Commencement '19: a customary celebration

Recipients of teaching prizes

Jill Campbell ’88PhD, Professor of English: the Sidonie Miskimin Clauss ’75 Prize for teaching excellence in the humanities.

Wei Su, Senior Lector, East Asian Languages and Literature: the Richard H. Brodhead ’68 Prize for teaching excellence by non-ladder faculty.

Debra Fischer, Eugene Higgins Professor of Astronomy: the Dylan Hixon ’88 Prize for teaching excellence in the natural sciences.

John Geanakoplos ’75, James Tobin Professor of Economics: the Lex Hixon ’63 Prize for teaching excellence in the social sciences.

Mary Miller ’81PhD, Sterling Professor in the History of Art: the Harwood F. Byrnes/Richard B. Sewall Teaching Prize for a faculty member who over a long period of service has inspired a great number of students and consistently fostered the learning process both inside and outside the classroom.

Recipients of honorary degrees

Chimamanda Adichie ’08MA, author, whose “stories of war, migration, home, and heartbreak bring the great richness and multiplicity of human experience to life”; who calls us “to ‘do better’ for women and girls, for ourselves and future generations”: Doctor of Letters.

Lawrence S. Bacow, President of Harvard, who champions “the promise and responsibility of higher education: to seek truth, expand opportunity, and contribute to the greater good”: Doctor of Social Science.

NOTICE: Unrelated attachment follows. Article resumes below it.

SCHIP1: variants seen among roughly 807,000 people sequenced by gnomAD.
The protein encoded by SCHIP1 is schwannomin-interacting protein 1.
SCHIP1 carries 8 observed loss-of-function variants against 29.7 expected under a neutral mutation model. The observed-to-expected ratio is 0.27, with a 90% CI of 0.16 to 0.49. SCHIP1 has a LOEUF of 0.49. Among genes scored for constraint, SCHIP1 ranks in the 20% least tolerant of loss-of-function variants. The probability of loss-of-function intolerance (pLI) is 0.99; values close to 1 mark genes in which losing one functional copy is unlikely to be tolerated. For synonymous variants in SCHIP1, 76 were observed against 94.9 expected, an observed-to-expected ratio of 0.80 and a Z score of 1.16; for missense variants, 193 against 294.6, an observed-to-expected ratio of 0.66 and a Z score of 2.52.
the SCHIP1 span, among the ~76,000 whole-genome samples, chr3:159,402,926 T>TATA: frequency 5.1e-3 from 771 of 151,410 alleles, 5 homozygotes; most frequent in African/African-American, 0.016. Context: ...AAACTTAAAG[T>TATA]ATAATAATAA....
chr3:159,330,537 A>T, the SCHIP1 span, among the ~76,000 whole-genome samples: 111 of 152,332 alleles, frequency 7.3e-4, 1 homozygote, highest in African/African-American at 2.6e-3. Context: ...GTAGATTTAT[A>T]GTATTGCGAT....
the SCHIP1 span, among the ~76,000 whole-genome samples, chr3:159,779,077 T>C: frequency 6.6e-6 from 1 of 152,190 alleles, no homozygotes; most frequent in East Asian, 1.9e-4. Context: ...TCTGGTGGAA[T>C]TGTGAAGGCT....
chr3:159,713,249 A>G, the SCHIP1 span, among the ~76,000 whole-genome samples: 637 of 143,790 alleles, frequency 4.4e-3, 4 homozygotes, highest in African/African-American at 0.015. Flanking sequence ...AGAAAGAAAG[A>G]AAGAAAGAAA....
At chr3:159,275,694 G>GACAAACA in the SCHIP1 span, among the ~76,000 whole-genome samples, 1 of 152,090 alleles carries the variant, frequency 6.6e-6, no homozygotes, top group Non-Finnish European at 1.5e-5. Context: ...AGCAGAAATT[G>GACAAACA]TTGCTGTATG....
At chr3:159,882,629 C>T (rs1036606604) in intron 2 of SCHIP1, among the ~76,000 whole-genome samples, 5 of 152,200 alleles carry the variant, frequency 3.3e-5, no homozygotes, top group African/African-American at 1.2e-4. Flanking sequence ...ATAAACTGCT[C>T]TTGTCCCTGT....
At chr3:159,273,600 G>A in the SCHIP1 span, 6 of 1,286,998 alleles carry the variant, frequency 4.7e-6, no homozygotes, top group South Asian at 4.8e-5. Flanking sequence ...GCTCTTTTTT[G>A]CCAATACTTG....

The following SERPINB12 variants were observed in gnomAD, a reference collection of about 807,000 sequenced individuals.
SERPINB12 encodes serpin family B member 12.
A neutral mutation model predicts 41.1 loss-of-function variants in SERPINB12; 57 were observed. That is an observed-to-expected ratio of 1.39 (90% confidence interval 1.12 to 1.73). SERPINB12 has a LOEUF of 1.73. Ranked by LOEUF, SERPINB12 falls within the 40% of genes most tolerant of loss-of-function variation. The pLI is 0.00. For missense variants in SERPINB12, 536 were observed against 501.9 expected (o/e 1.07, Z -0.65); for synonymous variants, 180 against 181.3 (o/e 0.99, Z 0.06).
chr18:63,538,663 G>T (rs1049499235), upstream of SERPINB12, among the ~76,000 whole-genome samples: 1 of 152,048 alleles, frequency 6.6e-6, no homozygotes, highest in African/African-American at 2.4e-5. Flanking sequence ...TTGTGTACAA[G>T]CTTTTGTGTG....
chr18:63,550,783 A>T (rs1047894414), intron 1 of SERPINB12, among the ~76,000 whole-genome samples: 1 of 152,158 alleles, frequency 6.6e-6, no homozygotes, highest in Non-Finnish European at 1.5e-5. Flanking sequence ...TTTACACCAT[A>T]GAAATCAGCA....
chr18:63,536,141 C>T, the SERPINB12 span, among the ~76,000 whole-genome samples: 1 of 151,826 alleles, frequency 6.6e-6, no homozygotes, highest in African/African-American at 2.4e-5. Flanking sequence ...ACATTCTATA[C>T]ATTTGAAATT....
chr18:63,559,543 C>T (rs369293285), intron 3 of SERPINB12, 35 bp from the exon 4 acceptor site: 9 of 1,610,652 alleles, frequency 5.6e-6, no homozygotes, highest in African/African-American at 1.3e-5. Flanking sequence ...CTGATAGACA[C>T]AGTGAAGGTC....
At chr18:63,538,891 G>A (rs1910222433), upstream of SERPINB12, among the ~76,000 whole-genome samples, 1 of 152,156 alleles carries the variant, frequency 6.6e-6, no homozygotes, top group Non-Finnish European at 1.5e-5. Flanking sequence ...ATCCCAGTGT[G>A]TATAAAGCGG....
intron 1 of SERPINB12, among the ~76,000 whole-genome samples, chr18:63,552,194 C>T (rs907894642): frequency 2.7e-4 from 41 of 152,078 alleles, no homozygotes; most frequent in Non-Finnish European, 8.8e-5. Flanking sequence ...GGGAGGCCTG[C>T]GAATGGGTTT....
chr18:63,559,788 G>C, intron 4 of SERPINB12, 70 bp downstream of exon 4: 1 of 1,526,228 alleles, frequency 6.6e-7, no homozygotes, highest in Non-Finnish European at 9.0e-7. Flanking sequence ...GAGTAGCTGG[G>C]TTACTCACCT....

James A. Baker III, who as “cabinet secretary, foreign envoy, and trusted adviser” brought a “laser-sharp understanding of people, power, and policy” that “helped guide a generation of US presidents”: Doctor of Humane Letters.

Mary Beard, Professor of Classics at the University of Cambridge, a “scholar of the people” who “excavates the past and challenges our view of the present”: Doctor of Humanities.

Carmen de Lavallade, performing artist, a "grand dame of dance” and “regal storyteller working in the medium of movement” as “choreographer and teacher, actress and artist”: Doctor of Fine Arts.

Sheila Hicks ’57BFA, ’59MFA, artist, who fashions “masterpieces of texture, color, structure, and scale” and in whose hands “fiber and found objects are transformed, confounding categories and elevating our public spaces”: Doctor of Fine Arts.

Strive Masiyiwa, an entrepreneur, philanthropist, and “bold business leader and devoted humanitarian” whose “innovation and generosity have transformed a continent and improved countless lives”: Doctor of Humane Letters.

Cynthia Moss, a groundbreaking conservationist who has “brought international attention to the elephants of Amboseli” and has helped humans to “find beauty, dignity, and joy beyond our species”: Doctor of Social Science.

Indra K. Nooyi ’80MPPM, a businesswoman celebrated for her leadership and her commitment to helping women achieve success, who has been an “intrepid trailblazer” and “set an enduring example of success”: Doctor of Humane Letters.

Sister Helen Prejean, a death-penalty abolitionist and “emissary of hope” who goes “to the margins of society—to the poor, forgotten, and alone—to share God’s love” and has “opened our eyes to the value of all human beings”: Doctor of Divinity.

Gloria Steinem, a leader of a women’s rights movement that “changed our world, giving women greater freedom to chart their own courses”; a “feminist and firebrand” fighting to “advance liberty, equality, and humanity”: Doctor of Humane Letters.

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